Faucet snails can be spread through movement of water-related equipment
The Minnesota Department of Natural Resources has confirmed a report of faucet snails in George Lake, located entirely within the White Earth Reservation in Mahnomen County.
A White Earth Nation official who is also a member of the State Aquatic Invasive Species Advisory Committee, Will Bement, contacted the DNR with faucet snail samples collected by a bait harvester trapping leeches on George Lake. A DNR research scientist confirmed that the samples were faucet snails.
Faucet snails are much less prevalent than zebra mussels in Minnesota and they have very different impacts on habitats. While ingesting them is not harmful to humans, faucet snails can be fatal to waterfowl. The snail is an intermediate host for three intestinal trematodes, or flukes, that can cause mortality in ducks and coots. When waterfowl consume the infested snails, the adult trematodes attack the internal organs and cause lesions and hemorrhage. The trematodes contributed to the deaths of about 9,000 scaup and coots in 2007 and 2008 on Lake Winnibigoshish, where faucet snails were first confirmed in inland Minnesota waters.
Faucet snails also compete with native snails for food and habitat. They may clog water intake pipes and other submerged equipment. Currently, there is no known effective population control for faucet snails in natural water bodies.
Faucet snails are small animals with coiled spiral shells. They grow up to a half inch long and are longer than they are wide. They are light brown to black, with four to five coils (whorls) on the shell. Faucet snails can be difficult for non-specialists to identify conclusively, as they look similar to native snail species found in Minnesota.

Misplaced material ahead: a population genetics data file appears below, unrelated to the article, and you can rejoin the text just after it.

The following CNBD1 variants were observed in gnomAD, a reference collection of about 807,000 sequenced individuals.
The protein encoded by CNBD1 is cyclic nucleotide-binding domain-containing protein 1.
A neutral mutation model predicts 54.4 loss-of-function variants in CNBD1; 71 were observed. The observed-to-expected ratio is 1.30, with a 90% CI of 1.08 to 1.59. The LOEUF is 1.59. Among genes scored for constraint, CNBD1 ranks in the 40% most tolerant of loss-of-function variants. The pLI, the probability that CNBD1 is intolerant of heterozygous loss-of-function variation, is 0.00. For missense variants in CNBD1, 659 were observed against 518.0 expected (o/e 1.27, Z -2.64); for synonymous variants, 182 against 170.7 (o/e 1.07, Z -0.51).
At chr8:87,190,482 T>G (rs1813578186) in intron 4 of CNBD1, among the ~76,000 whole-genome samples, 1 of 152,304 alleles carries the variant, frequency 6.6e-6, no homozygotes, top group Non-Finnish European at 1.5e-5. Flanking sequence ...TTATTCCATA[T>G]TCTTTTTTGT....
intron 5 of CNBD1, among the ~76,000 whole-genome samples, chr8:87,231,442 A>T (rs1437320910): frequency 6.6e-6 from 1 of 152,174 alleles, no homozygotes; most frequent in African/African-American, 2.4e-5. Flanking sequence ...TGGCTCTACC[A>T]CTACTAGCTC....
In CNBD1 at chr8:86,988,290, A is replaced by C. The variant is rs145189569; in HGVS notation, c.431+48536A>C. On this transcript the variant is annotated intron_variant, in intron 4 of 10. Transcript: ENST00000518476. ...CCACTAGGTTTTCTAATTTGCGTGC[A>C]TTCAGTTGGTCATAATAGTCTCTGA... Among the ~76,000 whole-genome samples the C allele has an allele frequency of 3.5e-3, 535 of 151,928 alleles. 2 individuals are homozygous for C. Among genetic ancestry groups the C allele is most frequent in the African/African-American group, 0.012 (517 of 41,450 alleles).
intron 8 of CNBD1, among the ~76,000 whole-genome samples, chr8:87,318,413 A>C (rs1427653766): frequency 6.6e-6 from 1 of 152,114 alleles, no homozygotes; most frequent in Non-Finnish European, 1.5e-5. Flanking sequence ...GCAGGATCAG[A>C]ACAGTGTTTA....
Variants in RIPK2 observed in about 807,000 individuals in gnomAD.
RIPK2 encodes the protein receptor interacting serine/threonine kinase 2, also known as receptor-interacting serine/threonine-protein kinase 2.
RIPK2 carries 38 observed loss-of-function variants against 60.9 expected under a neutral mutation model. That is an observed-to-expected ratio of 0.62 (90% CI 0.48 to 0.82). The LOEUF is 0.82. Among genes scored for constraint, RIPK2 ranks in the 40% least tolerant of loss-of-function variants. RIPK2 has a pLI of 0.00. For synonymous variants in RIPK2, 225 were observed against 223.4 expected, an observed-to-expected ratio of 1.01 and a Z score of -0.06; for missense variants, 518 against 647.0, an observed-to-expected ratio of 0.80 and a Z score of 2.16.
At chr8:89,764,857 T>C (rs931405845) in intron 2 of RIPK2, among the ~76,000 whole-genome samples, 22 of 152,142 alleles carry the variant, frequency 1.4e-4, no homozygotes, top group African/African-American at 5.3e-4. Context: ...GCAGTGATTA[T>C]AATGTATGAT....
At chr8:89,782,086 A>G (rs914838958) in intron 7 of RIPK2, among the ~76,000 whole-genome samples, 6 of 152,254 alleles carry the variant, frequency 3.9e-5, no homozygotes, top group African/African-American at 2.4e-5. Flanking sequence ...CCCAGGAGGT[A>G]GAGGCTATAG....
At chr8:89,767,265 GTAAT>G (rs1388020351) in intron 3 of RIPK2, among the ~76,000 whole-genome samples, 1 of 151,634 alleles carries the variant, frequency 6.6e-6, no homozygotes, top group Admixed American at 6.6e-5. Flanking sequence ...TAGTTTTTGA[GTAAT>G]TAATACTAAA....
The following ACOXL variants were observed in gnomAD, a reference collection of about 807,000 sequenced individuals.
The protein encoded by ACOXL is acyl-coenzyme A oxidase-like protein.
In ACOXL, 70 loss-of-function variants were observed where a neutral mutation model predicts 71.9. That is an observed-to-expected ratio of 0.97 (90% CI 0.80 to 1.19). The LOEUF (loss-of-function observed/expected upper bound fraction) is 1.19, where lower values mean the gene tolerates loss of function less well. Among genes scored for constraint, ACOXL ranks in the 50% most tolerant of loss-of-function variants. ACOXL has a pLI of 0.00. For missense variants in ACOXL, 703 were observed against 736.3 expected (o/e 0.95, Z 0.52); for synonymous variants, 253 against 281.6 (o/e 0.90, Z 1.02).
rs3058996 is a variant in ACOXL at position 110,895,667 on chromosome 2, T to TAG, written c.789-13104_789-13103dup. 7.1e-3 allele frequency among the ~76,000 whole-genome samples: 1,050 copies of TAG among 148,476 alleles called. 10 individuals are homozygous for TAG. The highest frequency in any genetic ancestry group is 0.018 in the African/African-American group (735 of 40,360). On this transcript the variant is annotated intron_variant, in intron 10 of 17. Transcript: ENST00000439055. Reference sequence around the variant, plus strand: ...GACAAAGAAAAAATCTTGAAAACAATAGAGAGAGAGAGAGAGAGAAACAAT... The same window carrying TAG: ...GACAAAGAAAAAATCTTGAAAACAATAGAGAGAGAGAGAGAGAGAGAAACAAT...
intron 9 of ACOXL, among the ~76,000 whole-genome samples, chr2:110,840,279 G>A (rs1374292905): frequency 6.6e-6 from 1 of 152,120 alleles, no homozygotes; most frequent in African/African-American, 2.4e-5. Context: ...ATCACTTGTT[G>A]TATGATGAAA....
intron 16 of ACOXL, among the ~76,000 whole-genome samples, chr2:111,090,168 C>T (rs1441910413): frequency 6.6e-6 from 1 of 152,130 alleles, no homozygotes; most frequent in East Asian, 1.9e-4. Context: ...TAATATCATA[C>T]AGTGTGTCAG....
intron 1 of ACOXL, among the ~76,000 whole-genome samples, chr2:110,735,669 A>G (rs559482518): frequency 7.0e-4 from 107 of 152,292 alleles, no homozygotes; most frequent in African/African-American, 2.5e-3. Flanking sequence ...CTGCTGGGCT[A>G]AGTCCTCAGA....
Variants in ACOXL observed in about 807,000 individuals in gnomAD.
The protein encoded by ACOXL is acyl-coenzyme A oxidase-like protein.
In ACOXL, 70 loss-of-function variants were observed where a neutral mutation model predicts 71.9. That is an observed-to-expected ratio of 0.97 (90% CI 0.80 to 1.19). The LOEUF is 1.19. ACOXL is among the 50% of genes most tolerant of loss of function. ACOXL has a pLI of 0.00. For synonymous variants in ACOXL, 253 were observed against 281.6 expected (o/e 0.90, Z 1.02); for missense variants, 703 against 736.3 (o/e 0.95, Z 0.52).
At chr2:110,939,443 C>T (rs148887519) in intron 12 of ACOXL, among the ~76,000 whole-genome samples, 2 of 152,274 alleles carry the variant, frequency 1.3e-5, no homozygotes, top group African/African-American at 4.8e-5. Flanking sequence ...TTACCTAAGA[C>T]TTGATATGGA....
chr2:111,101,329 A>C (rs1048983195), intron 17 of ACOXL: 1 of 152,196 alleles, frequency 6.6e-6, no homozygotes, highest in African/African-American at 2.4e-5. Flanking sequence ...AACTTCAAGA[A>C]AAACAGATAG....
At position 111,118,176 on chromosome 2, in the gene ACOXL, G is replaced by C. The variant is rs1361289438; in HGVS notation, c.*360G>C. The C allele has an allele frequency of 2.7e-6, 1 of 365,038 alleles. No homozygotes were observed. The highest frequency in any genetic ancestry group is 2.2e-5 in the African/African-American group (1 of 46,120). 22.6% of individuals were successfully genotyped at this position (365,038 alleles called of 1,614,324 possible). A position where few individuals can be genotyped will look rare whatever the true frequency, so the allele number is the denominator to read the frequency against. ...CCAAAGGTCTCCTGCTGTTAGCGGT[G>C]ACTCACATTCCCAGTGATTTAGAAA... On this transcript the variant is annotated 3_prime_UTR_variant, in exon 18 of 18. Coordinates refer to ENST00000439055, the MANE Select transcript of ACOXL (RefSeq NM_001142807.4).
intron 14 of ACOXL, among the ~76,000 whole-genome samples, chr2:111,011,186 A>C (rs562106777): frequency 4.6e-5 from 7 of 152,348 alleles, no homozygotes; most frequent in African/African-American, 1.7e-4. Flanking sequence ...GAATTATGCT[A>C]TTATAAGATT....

People spread faucet snails primarily through the movement of water-related equipment. The snails can attach to boats, docks, swim rafts and boat lifts, as well as scuba, fishing and hunting gear. Faucet snails can close their shells and survive out of water for multiple days.
Whether or not a lake has any invasive species, Minnesota law requires people to:
• Clean watercraft, trailers and equipment to remove aquatic plants and prohibited invasive species.
• Drain all water and leave drain plugs out during transport.
• Dispose of unwanted bait in the trash.
• Never release bait, plants or aquarium pets into Minnesota waters.
• Dry docks, lifts and rafts for 21 days before moving them from one water body to another.
These additional steps reduce the risk of spreading aquatic invasive species:
• Decontaminate watercraft and equipment – find free stations on the courtesy decontamination page of the DNR website.
• Spray with high-pressure water or rinse with very hot water (120 degrees for at least two minutes or 140 degrees for at least 10 seconds).
• Dry watercraft and equipment for at least five days before using in another water body.